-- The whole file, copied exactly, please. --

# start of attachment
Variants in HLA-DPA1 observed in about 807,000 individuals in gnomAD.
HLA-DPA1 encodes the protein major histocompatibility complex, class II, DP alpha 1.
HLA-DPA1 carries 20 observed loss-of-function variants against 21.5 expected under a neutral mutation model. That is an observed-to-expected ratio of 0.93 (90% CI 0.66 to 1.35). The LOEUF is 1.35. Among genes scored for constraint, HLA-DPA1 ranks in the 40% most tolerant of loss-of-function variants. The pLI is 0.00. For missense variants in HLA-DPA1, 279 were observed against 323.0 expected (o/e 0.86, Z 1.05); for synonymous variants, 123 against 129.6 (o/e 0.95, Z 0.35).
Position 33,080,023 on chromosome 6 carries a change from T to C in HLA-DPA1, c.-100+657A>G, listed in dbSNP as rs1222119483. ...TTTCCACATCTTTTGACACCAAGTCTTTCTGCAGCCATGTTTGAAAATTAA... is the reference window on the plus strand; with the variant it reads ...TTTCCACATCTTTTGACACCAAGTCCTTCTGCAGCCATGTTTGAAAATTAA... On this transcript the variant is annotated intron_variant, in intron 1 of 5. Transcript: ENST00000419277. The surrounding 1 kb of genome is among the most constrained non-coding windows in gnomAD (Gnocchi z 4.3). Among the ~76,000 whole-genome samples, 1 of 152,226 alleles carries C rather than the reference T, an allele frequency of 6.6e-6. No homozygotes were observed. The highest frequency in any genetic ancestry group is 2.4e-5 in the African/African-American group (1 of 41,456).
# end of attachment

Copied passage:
Variants in HLA-DPA1 observed in about 807,000 individuals in gnomAD.
HLA-DPA1 encodes the protein major histocompatibility complex, class II, DP alpha 1.
HLA-DPA1 carries 20 observed loss-of-function variants against 21.5 expected under a neutral mutation model. That is an observed-to-expected ratio of 0.93 (90% CI 0.66 to 1.35). The LOEUF is 1.35. Among genes scored for constraint, HLA-DPA1 ranks in the 40% most tolerant of loss-of-function variants. The pLI is 0.00. For missense variants in HLA-DPA1, 279 were observed against 323.0 expected (o/e 0.86, Z 1.05); for synonymous variants, 123 against 129.6 (o/e 0.95, Z 0.35).
Position 33,080,023 on chromosome 6 carries a change from T to C in HLA-DPA1, c.-100+657A>G, listed in dbSNP as rs1222119483. ...TTTCCACATCTTTTGACACCAAGTCTTTCTGCAGCCATGTTTGAAAATTAA... is the reference window on the plus strand; with the variant it reads ...TTTCCACATCTTTTGACACCAAGTCCTTCTGCAGCCATGTTTGAAAATTAA... On this transcript the variant is annotated intron_variant, in intron 1 of 5. Transcript: ENST00000419277. The surrounding 1 kb of genome is among the most constrained non-coding windows in gnomAD (Gnocchi z 4.3). Among the ~76,000 whole-genome samples, 1 of 152,226 alleles carries C rather than the reference T, an allele frequency of 6.6e-6. No homozygotes were observed. The highest frequency in any genetic ancestry group is 2.4e-5 in the African/African-American group (1 of 41,456).